Thursday, May 31, 2018

Along the Old Spanish Trail.

There’s a well-known saying about the Old Spanish Trail: it isn’t old, and it isn’t Spanish. But from 1829 until 1848, more or less, it was an important trade route linking Santa Fe to Los Angeles. Mexican traders (and others) loaded strings of pack mules with woolen goods in New Mexico, trailed them to California, and traded for horses and mules. The animals—many thousands of them—were trailed back to New Mexico then sold on to Missouri, Old Mexico, and other markets. Thieves also raided California ranches for horses and mules for the same purpose, as well as selling them to the U.S. Army for use in the Mexican-American war. Traders in Indian slaves used parts of the route as well.
Not long ago, I had the privilege of exploring the Old Spanish Trail through Utah with the Utah Westerners. Through slickrock and sagebrush, deserts and mountains, sand and shadscale, we followed the route as nearly as possible, almost from border to border. Along the way, we were guided and educated by well-informed local historians as well as members of the Westerners.
The Utah Westerners set off on such a field trip every summer, but this was my first with the group of historians and history buffs. It will not be my last.

(Thanks to Utah Westerner Steve Berlin for the photos.)

Monday, May 21, 2018

My Favorite Book, Part 14.

A River Runs Through It is a small book. Something over 100 pages in most editions. And it’s the only “book” Norman Maclean ever wrote. (There is a published but unfinished nonfiction book about the Mann Gulch Fire, Young Men and Fire, and a few long short stories, published with A River Runs Through It in some editions.)
On the surface, A River Runs Through It is a story about fly fishing on Montana rivers. I am not interested in fly fishing. What the book is really about is love—not romantic love, but the love among a father and a mother and their two sons, with a tiny bit of romance thrown in for good measure. It contains elements of some old stories. There are hints of Cain and Abel, Isaac and Ishmael, and the story of the Prodigal Son.
Unlike many books, but like many of my favorite books, there’s a lot of ambiguity in its pages. You have to pay attention. And it doesn’t end in what many readers would consider a satisfactory way.
Again, there’s some ambiguity there.
Maclean doesn’t provide many answers, but he does deliver a lot of questions. And that means the story stays with you long after you close the book. So much so that, like me, you’ll be inclined to open it again (and again) sometime to see what kinds of questions it asks this time.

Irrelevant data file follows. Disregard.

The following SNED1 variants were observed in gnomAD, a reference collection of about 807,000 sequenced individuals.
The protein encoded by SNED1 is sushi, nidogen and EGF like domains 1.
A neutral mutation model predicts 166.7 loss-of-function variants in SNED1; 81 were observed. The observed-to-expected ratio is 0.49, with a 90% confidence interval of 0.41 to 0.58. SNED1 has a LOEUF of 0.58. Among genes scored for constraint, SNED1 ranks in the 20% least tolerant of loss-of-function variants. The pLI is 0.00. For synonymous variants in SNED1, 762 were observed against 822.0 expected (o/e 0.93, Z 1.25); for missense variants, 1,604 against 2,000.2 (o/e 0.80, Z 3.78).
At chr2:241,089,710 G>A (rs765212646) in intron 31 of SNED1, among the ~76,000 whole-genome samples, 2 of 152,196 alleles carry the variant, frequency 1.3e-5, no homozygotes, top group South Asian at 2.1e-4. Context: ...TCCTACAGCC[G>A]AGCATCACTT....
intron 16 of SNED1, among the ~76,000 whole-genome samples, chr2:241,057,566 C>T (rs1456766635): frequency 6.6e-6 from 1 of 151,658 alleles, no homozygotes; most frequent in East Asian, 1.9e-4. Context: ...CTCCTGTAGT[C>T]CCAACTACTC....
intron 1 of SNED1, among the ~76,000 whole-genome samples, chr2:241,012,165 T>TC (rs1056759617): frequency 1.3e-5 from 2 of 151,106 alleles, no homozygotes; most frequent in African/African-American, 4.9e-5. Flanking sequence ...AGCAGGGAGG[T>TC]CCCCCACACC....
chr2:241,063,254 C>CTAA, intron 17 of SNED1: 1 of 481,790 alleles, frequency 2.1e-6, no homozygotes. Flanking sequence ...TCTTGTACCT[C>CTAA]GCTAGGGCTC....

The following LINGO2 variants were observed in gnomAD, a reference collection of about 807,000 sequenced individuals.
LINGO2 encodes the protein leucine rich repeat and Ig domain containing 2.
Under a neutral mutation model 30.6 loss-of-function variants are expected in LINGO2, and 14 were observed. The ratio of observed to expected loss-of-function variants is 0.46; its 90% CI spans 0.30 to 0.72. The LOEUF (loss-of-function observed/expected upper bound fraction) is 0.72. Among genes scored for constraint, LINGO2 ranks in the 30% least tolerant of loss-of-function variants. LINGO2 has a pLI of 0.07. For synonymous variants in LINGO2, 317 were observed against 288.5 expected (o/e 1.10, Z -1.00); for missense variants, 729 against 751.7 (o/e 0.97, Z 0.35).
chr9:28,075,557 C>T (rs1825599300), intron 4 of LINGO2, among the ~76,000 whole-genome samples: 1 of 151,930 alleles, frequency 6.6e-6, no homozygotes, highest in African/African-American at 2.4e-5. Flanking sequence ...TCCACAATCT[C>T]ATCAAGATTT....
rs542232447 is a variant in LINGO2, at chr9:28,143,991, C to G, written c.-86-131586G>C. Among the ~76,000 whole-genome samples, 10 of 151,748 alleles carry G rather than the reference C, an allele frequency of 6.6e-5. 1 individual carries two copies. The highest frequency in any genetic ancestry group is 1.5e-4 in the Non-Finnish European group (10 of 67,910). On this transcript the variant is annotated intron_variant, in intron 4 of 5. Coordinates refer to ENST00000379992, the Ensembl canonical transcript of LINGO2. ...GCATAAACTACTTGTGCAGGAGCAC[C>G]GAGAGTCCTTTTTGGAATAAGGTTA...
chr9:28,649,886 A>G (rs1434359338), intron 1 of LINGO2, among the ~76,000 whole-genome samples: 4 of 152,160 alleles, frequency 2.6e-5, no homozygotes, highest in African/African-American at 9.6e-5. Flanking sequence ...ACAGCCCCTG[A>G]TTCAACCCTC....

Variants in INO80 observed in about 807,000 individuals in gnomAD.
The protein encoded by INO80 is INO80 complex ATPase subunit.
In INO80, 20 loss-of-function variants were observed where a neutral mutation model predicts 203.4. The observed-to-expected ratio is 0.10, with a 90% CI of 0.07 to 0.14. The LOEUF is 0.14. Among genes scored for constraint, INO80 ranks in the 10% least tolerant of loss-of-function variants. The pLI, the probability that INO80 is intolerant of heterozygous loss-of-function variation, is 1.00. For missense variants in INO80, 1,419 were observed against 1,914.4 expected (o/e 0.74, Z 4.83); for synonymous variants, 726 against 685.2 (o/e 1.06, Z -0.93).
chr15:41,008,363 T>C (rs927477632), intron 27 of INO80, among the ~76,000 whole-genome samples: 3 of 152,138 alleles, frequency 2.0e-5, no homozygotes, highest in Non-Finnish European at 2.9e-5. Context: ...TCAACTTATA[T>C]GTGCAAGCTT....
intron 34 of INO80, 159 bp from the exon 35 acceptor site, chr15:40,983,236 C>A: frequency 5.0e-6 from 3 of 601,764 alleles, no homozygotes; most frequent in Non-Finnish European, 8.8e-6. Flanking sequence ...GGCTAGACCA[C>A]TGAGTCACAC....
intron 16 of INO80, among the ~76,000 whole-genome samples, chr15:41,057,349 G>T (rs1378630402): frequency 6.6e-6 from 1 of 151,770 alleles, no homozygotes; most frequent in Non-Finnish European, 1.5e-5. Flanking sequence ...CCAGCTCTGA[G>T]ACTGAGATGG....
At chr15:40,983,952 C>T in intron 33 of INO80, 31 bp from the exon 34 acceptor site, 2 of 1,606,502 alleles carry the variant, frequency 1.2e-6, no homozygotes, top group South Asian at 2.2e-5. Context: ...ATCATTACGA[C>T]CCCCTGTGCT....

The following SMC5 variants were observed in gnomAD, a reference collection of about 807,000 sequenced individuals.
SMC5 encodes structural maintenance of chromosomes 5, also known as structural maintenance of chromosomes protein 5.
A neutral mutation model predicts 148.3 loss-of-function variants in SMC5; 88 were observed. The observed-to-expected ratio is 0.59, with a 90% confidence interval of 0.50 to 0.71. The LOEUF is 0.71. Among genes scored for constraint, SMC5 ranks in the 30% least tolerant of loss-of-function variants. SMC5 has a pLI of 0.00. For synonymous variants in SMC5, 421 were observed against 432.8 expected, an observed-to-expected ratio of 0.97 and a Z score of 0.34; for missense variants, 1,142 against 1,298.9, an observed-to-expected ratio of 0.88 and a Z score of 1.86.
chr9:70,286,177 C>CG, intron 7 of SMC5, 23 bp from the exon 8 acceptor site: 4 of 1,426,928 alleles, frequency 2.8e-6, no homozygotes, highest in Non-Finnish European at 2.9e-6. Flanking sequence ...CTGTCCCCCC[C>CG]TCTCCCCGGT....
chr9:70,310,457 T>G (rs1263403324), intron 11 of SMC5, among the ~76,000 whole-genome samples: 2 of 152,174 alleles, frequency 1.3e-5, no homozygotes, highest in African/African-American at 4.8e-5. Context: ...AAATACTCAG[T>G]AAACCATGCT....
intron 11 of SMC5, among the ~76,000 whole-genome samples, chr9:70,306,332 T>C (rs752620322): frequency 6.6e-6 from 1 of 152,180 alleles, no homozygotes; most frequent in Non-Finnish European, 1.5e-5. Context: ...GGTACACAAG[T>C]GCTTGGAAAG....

Monday, May 14, 2018

Post-game interview with a writer.

We’ve all heard athletes face the microphones after a game. What if writers had to do the same after a day at the keyboard?

Question: What have you got to say for yourself after today’s performance?

Answer: Needless to say, it wasn’t the kind of showing we hoped for. We hoped for a better result. It just didn’t happen for us this time, and that’s the way it goes sometimes. So, we have to put it behind us and move on. There will always be ups and downs in this game.
As writers, we face adversity every day. We just have to step up and show what we’re made of; show some character. Establish our identity and show what kind of writers we want to be.
It’s important to remember that this is a marathon, not a sprint. It’s a long season, and it’s not over until we type that last period at the end of the last page. We just have to keep at it, one letter at a time. Do our part to get the next word right, the next sentence, and not worry too much about what the next chapter might bring.
We have to concentrate on the things we can control, and not dwell in the past. We have to brush off that split infinitive, forget that dangling participle, and get back out there and write. As you know, it’s a simple matter of putting in the kind of work it’s going to take if we want to control our own destiny.

Saturday, May 5, 2018

Higher Education.

Colorado Springs, Colorado is 6,035 feet above sea level. As cities in the United State go, it’s pretty high. (No jokes about the state’s marijuana laws, please.) Being invited there to teach workshops at the Pikes Peak Writers Conference should qualify as higher education.
I was there recently doing just that and enjoyed the visit and the conference.
It’s a big event, with somewhere near 400 writers attending to improve their craft. There are five sessions underway at any given time, with a total of 75 workshops over the course of two-and-a-half days of the conference, not counting preliminary events and other offerings.
At 6,035 feet, the air is pretty thin in Colorado Springs. But writers are thick during the Pikes Peak Writers Conference. It was good to be there and share ideas with some of them.

P.S. The photo above is Garden of the Gods, a beautiful park tucked between the city and the mountains. Well worth a visit.